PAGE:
Combinatorial structure and iconicity in artificial whistled languages

Tessa Verhoef, Simon Kirby, Bart De Boer

Onderzoeksoutput: Conference paper

3 Citaten (Scopus)


This article reports on an experiment in which artificial lan-
guages with whistle words for novel objects are culturally
transmitted in the laboratory. The aim of this study is to in-
vestigate the origins and evolution of combinatorial structure
in speech. Participants learned the whistled language and re-
produced the sounds with the use of a slide whistle. Their
reproductions were used as input for the next participant. Cul-
tural transmission caused the whistled systems to become more
learnable and more structured. In addition, two conditions
were studied: one in which the use of iconic form-meaning
mappings was possible and one in which the use of iconic map-
pings was experimentally made impossible, so that we could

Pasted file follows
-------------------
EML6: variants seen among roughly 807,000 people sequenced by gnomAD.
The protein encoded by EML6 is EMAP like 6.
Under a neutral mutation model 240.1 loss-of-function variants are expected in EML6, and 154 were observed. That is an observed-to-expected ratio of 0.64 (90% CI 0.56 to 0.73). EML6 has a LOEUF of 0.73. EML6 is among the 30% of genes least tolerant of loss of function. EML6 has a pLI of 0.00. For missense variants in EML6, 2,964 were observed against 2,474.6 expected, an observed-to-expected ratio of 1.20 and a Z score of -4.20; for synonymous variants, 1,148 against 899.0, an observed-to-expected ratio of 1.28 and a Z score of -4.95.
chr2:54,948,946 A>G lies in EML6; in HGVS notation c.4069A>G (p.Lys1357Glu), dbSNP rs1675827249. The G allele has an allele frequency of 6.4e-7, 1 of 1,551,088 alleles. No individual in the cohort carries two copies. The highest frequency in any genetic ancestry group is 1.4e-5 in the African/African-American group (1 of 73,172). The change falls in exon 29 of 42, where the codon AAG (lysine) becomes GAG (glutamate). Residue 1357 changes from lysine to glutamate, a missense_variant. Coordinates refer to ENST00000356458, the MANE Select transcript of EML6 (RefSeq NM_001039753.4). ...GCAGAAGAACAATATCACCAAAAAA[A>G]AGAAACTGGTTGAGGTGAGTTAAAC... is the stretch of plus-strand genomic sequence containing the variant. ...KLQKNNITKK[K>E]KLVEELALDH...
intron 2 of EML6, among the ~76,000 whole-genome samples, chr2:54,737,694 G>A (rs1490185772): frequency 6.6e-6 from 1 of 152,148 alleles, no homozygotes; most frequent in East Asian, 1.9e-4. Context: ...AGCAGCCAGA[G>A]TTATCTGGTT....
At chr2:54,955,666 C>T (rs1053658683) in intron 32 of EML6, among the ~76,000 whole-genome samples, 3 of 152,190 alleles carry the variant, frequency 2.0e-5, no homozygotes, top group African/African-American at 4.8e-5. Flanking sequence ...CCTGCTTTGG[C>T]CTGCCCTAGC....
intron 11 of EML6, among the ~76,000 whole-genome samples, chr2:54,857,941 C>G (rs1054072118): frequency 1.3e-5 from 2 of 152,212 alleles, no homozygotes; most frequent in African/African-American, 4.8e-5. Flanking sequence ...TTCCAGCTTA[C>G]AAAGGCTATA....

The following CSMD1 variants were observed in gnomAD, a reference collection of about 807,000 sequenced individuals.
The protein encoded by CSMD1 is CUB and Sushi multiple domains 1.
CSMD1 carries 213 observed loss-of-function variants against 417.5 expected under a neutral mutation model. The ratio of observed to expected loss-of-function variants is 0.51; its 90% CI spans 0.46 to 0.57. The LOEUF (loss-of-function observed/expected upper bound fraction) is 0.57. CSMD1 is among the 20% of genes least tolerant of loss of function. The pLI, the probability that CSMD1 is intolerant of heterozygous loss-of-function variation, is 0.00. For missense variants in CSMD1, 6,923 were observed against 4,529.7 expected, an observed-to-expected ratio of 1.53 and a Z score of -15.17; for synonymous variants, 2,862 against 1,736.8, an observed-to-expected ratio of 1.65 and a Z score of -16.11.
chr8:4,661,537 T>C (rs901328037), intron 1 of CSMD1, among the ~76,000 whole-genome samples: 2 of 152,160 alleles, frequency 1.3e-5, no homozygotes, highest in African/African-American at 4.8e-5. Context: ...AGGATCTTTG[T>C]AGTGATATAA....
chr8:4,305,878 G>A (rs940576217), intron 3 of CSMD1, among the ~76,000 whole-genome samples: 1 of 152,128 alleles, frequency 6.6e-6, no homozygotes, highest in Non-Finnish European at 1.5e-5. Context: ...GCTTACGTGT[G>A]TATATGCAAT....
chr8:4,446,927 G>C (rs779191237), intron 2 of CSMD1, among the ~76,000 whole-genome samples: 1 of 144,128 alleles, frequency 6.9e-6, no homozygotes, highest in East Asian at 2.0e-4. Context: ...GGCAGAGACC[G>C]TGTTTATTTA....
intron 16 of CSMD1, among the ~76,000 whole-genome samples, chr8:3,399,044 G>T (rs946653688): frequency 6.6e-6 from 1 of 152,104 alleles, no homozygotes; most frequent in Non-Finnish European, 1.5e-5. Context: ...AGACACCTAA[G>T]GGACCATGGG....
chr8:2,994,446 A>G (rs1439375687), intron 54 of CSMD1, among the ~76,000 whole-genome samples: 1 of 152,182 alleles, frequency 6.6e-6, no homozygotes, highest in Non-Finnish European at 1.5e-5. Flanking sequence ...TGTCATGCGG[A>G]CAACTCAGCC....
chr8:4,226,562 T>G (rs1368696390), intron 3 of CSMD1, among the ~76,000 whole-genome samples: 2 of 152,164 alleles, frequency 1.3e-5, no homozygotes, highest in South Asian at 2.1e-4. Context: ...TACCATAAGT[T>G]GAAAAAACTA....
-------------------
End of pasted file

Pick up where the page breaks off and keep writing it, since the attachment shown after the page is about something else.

investigate the influence of iconicity on the emergence of structure.
Originele taal-2English
TitelCooperative Minds: Social Interaction and Group Dynamics Proceedings of the 3 5 th Annual Meeting of the Cognitive Science Society
RedacteurenM. Knauff, M. Pauen, N. Sebanz, Wachsmuth I.
Plaats van productieAustin (TX)
UitgeverijCognitive Science Society
Aantal pagina's6
ISBN van geprinte versie978-0-9768318-9-1
StatusPublished - 2013
EvenementUnknown - Berlin, Germany
Duur: 31 jul 20133 aug 2013


Verkorte titelCogsci 2013

Bibliografische nota

Knauff, M., Pauen, M., Sebanz, N. and Wachsmuth I.


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